It’s very important for both landlords and tenants to keep all records about the tenancy. These can help you clear up any issues, either during or at the end of the tenancy. 

  • Landlords must keep rent and bond records for seven years after the tax year to which they relate. 
  • Landlords must keep copies of all documentation relating to the rental home during the tenancy and for 12 months after the tenancy ends. Tenants are advised to do the same. 
  • Specified documents must be provided if requested by the Ministry of Business, Innovation and Employment.

What to keep records of

Both parties should keep a copy of:

  • the tenancy agreement and any variations or renewals of it
  • any property inspection reports
  • rent, receipts and records  
  • water bills
  • invoices or records for any work carried out at the property, such as maintenance or cleaning
  • copies of letters or emails sent to or received from the other party.

Download the residential tenancy agreement below (which includes the property inspection report).
Receipts and records has more about rent and bond receipts.

You should also keep contact details – such as phone, fax numbers or email addresses – up to date, and share any changes with each other during the tenancy.

Record details of your communication with the other party. For example, make a diary note when rent is paid or received, or repairs or maintenance are discussed.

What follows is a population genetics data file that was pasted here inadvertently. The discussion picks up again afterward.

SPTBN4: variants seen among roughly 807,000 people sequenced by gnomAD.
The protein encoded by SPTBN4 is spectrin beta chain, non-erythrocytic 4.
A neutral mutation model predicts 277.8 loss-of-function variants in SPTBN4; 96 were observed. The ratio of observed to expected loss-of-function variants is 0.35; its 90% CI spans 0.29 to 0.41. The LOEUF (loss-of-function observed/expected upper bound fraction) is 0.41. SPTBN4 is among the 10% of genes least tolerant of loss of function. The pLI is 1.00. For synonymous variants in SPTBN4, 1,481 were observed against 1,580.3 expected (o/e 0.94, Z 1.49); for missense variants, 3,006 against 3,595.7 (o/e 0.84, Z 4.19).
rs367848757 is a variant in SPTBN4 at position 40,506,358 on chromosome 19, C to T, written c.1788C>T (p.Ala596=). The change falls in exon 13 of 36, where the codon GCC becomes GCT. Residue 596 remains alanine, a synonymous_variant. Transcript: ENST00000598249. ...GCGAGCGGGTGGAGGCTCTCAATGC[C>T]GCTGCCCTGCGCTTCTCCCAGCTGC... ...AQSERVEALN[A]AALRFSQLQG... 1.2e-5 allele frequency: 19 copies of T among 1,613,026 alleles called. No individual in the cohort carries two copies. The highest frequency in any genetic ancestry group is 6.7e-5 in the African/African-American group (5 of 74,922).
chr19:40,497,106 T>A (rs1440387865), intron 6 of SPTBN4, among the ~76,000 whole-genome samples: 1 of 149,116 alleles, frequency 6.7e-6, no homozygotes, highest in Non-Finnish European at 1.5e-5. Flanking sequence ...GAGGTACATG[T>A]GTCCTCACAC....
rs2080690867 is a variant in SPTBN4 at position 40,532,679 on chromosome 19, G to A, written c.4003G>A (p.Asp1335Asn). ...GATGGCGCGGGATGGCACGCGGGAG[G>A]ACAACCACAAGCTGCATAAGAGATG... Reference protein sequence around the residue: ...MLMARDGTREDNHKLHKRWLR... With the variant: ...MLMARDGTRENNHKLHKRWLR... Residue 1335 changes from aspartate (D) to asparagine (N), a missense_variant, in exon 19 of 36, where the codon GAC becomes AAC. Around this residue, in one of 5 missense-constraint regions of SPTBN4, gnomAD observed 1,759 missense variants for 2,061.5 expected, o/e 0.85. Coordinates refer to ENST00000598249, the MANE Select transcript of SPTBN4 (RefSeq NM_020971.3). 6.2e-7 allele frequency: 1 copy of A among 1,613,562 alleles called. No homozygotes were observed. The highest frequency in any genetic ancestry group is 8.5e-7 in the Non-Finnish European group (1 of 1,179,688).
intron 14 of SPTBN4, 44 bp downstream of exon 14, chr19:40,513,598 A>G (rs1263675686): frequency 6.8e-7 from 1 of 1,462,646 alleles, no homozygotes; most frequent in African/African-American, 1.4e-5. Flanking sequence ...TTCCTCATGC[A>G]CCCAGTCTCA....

Records are important if you have a dispute

If you can’t sort out an issue yourselves, you can apply to the Tenancy Tribunal to ask for mediation. You must provide relevant documents to support your application.

Disputes process has more about how to resolve problems with a tenancy.

Example of how to record information

Monday, 1 January
Called property manager to tell them the stove element wasn’t working. Spoke to John Smith who told me he’d mark it in his repairs/maintenance log.

Thursday, 4 January
Still haven't been contacted about the stove element that needs repairing. Called the Tenancy Services to check on the process for repairs. The Ministry told me I could issue a 14-day Notice to remedy.

Friday, 5 January
Downloaded the 14-day Notice to remedy from the website, filled it in and dropped it into the property manager's office at 2.45pm.

Monday, 8 January
Property manager called to say he’s arranged for both him and a repairman to come round during the day to fix the stove element.

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